State-owned Sociedad de Electricidad de Guinea Ecuatorial SA (SEGESA) owns and operates the entire power sector, although the government has suggested that privatisation is possible in the future. Again, prior to the oil boom, miniscule generating capacity of 5 MW was provided by the 1 MW Riabo hydro scheme on Bioko and a 4 MW oil-fired plant in Rio Muni.
A 10.4 MW gas-fired plant was completed at Punta Europa in 1999 next to the Ampco plant. It is supplied with about 14m cubic feet of gas a day from the Zafiro Field and was expanded in phases to give current generating capacity of 148 MW.
The 120 MW Djibloho hydro plant has also recently been completed with $257m in funding from the Chinese government. The loan covered the entire cost of the turnkey contract awarded to Sino Hydro for dam construction and other construction and engineering work on the scheme.
In addition, 1,366km of transmission lines and several substations have been constructed to improve power supplies to urban centres in Rio Muni, taking total project costs up to $647m.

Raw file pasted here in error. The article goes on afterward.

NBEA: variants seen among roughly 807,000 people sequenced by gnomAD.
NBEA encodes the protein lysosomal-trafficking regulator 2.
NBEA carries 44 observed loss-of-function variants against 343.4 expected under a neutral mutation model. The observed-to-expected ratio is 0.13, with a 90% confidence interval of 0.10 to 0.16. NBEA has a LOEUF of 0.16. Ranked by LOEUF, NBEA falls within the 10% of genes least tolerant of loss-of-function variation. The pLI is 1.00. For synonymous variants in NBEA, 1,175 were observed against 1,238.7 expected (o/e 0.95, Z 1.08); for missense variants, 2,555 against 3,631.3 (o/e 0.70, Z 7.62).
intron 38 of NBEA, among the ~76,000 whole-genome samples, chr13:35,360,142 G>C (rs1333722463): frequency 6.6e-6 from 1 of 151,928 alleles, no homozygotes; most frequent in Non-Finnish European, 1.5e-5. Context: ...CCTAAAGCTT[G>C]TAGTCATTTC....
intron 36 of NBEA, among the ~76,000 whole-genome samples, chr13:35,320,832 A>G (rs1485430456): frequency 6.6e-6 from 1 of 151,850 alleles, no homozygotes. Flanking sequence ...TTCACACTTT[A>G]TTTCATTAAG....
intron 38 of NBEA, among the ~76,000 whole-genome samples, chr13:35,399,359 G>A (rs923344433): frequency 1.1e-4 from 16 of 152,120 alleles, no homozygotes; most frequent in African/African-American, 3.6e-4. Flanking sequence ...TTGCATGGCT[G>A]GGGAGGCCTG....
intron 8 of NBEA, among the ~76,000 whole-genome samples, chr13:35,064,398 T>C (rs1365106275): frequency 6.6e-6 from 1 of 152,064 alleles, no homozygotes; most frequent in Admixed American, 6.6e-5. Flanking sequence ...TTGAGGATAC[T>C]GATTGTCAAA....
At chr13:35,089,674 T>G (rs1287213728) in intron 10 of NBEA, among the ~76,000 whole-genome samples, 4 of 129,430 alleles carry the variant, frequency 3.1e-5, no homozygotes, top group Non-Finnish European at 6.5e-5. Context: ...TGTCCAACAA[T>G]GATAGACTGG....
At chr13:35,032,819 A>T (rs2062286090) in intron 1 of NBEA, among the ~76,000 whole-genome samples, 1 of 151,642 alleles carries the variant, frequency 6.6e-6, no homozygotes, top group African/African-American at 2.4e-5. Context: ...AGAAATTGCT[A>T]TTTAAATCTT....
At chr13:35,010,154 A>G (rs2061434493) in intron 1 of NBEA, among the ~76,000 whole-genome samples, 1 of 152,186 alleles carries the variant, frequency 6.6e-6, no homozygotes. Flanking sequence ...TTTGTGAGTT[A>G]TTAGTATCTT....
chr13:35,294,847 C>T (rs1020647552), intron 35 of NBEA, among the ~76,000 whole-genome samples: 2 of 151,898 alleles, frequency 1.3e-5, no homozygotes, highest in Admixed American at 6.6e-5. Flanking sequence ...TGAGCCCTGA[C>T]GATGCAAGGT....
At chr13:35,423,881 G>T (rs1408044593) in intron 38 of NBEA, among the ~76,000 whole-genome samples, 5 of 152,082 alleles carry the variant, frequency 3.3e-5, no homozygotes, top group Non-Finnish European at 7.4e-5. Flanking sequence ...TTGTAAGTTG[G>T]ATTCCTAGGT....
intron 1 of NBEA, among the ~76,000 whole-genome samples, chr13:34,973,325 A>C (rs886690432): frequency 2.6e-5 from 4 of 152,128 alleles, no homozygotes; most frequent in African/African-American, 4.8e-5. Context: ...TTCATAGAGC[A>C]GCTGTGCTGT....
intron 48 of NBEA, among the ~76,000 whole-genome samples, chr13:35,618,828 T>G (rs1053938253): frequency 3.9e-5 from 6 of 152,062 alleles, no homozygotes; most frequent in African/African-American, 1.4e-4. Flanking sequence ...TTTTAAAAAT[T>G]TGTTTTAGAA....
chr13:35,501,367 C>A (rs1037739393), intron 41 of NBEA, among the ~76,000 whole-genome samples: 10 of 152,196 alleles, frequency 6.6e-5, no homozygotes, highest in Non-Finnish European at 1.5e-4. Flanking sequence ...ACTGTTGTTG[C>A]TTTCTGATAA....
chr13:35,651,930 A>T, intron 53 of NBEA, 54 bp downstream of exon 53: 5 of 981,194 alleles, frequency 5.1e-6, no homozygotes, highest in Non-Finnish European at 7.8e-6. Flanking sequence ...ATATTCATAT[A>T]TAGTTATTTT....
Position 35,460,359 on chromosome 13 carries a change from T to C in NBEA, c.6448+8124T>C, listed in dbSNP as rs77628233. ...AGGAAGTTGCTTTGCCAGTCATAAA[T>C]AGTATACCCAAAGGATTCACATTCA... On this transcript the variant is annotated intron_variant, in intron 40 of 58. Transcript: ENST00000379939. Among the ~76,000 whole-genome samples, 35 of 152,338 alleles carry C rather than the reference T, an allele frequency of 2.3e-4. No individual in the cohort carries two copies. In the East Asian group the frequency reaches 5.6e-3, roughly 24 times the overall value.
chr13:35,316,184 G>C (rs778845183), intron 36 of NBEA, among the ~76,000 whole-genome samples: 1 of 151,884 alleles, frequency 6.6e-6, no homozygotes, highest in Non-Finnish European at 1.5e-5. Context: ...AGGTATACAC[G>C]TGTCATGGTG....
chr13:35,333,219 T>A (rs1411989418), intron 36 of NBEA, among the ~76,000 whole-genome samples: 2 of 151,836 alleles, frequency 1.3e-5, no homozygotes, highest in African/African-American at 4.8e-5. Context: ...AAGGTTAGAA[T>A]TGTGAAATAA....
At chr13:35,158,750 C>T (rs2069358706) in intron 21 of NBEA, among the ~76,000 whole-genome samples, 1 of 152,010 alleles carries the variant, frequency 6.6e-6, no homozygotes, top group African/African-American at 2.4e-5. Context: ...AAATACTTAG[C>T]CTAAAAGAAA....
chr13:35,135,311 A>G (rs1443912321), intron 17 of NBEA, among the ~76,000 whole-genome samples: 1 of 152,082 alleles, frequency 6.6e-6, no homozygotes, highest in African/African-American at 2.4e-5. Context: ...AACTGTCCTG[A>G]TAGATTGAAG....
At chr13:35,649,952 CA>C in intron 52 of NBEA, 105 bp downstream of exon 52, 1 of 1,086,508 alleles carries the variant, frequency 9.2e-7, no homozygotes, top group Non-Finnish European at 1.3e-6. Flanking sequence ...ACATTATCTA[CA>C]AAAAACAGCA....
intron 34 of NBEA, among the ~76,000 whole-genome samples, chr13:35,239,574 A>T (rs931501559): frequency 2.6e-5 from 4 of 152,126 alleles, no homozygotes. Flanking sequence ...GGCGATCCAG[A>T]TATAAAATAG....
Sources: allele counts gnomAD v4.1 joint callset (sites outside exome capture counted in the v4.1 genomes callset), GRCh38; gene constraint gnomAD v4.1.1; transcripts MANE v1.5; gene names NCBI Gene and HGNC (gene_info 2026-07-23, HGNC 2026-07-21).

The venture’s generating capacity could be increased at a later date, while the 200MW Sendje hydro scheme is due for completion in 2015, thereby creating scope for exports to Cameroon and Gabon.
The electrification programme has supplied power to many urban inhabitants but more investment in distribution is required in rural areas. Bioko and Rio Muni have separate power grids with no prospect of connecting them because of the distance involved.
Oil and gas producers have their own independent power plants to supply their own needs. The country has about 2.6 GW of untapped, economically feasible hydro potential that could be developed to supply neighbouring states, if sufficient regional transmission capacity can be developed and long-term power purchase agreements concluded between the various state-owned power companies involved.
All countries in the region possess substantial hydro capacity but the big stumbling block is securing the required investment. With higher GDP per capita, Equatorial Guinea could be in a better position to fund its own schemes, despite the greater hydro potential held by its neighbours in Central Africa.